We head further south and arrive in Tirana, the capital. The city has undergone a transformation of extraordinary proportions since awaking from its communist slumber in the early 1990s. Tirana's centre is now unrecognisable from those grey days, with buildings painted in primary colours, and public squares and pedestrianised streets that are a pleasure to wander around on your rest day.
We will be surprised by Berat with its own very special magic. Its most striking feature is the collection of white Ottoman houses climbing up the hill to its castle, earning it the title of "town of a thousand windows". Before we arrive at the Albanian Riviera, we pass the protected landscapes of Vjosë-Nartë. We make half a loop in the southern part of Albania to include several of its interesting cultural sites like Gjirokastër, Përmet and the ancient Greek city of Butrint, all in a setting of unspoilt nature.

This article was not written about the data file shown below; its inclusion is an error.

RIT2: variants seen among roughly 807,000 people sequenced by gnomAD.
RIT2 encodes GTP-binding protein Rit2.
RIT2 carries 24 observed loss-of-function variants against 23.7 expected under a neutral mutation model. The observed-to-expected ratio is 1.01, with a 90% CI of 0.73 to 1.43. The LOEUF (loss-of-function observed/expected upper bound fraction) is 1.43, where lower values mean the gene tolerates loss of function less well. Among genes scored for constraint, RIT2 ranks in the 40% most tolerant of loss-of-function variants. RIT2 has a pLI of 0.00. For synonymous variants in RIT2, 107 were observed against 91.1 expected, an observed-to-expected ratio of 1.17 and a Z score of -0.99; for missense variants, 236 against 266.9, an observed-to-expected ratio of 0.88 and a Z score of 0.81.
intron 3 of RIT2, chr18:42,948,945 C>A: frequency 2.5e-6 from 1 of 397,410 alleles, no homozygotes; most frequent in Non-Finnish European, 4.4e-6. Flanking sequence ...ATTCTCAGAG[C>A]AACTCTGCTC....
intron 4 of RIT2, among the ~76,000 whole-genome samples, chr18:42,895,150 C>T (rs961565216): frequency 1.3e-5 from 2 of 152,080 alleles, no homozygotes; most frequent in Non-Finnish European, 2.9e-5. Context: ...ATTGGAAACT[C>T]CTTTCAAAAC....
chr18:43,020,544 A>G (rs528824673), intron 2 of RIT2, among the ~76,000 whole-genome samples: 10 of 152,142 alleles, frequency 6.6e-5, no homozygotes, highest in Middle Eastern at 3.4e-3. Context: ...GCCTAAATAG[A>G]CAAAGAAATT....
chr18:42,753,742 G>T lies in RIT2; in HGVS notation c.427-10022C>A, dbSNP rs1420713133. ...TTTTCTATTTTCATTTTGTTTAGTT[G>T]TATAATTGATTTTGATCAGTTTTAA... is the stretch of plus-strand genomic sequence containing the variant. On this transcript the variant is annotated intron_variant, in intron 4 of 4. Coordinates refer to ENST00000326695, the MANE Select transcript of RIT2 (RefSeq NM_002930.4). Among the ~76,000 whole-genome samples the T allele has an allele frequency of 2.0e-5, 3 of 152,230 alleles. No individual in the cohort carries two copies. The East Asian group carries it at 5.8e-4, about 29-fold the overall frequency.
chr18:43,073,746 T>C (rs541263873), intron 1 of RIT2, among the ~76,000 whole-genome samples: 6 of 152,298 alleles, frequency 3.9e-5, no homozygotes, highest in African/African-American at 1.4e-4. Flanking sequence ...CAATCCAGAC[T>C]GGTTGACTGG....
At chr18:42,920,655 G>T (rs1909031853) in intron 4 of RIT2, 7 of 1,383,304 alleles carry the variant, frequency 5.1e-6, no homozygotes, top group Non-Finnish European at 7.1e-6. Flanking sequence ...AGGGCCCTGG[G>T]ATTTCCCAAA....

Finally we arrive in Greece, our last country of the Balkan Boulevard. The sites of this glorious and highly diverse country are countless. We have tried to incorporated a good mix to get a full picture of this ancient country, the cradle of Western civilization. We cycle from the edges of the Vikos Gorge, one of the deepest canyons in the world, in the heart of the Pindus Mountains, to the astonishing monasteries of Meteora, perched at the top of beautiful sandstone mountains. We cross one of Europe's longest and most modern suspension bridges near Patras to arrive at the amazing beauty of the Peloponnese. We have a rest day planned in Olympia, the archaeological site where the Olympic Games began and where nowadays every four years the Olympic flame is lit amongst the well preserved ruins. And at the end, we will be surprised by the incredible acoustics of the ancient amphitheatre of Epidaurus before we finish in the capital of Greece, Athens.